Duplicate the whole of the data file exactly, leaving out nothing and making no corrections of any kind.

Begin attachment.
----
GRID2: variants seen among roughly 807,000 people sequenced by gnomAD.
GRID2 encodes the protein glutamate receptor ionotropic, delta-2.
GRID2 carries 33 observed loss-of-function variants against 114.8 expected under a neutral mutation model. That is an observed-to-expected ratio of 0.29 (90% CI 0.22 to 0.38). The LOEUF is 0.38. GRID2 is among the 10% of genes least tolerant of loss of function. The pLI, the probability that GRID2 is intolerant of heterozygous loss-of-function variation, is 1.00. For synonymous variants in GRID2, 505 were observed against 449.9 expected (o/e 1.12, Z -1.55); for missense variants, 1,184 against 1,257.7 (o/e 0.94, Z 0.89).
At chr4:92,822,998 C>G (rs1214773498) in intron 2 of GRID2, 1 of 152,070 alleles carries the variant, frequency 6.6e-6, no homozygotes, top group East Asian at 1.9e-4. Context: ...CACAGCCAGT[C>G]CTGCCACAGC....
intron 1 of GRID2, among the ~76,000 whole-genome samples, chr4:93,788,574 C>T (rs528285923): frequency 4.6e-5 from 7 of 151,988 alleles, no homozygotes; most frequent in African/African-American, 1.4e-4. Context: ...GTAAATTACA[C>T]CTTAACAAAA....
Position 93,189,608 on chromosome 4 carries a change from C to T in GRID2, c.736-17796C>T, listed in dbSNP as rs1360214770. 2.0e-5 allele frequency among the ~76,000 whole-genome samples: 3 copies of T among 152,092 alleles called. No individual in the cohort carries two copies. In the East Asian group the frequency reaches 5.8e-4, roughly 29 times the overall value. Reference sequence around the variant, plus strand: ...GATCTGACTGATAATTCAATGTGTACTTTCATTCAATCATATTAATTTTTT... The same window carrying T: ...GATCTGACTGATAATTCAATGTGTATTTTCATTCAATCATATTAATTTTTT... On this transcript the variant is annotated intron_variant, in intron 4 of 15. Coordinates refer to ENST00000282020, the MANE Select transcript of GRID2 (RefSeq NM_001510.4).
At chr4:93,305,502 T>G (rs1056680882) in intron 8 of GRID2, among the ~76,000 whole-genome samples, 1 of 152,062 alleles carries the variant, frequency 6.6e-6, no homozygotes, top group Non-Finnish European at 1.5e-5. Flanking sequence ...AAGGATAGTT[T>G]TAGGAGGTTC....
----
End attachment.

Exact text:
GRID2: variants seen among roughly 807,000 people sequenced by gnomAD.
GRID2 encodes the protein glutamate receptor ionotropic, delta-2.
GRID2 carries 33 observed loss-of-function variants against 114.8 expected under a neutral mutation model. That is an observed-to-expected ratio of 0.29 (90% CI 0.22 to 0.38). The LOEUF is 0.38. GRID2 is among the 10% of genes least tolerant of loss of function. The pLI, the probability that GRID2 is intolerant of heterozygous loss-of-function variation, is 1.00. For synonymous variants in GRID2, 505 were observed against 449.9 expected (o/e 1.12, Z -1.55); for missense variants, 1,184 against 1,257.7 (o/e 0.94, Z 0.89).
At chr4:92,822,998 C>G (rs1214773498) in intron 2 of GRID2, 1 of 152,070 alleles carries the variant, frequency 6.6e-6, no homozygotes, top group East Asian at 1.9e-4. Context: ...CACAGCCAGT[C>G]CTGCCACAGC....
intron 1 of GRID2, among the ~76,000 whole-genome samples, chr4:93,788,574 C>T (rs528285923): frequency 4.6e-5 from 7 of 151,988 alleles, no homozygotes; most frequent in African/African-American, 1.4e-4. Context: ...GTAAATTACA[C>T]CTTAACAAAA....
Position 93,189,608 on chromosome 4 carries a change from C to T in GRID2, c.736-17796C>T, listed in dbSNP as rs1360214770. 2.0e-5 allele frequency among the ~76,000 whole-genome samples: 3 copies of T among 152,092 alleles called. No individual in the cohort carries two copies. In the East Asian group the frequency reaches 5.8e-4, roughly 29 times the overall value. Reference sequence around the variant, plus strand: ...GATCTGACTGATAATTCAATGTGTACTTTCATTCAATCATATTAATTTTTT... The same window carrying T: ...GATCTGACTGATAATTCAATGTGTATTTTCATTCAATCATATTAATTTTTT... On this transcript the variant is annotated intron_variant, in intron 4 of 15. Coordinates refer to ENST00000282020, the MANE Select transcript of GRID2 (RefSeq NM_001510.4).
At chr4:93,305,502 T>G (rs1056680882) in intron 8 of GRID2, among the ~76,000 whole-genome samples, 1 of 152,062 alleles carries the variant, frequency 6.6e-6, no homozygotes, top group Non-Finnish European at 1.5e-5. Flanking sequence ...AAGGATAGTT[T>G]TAGGAGGTTC....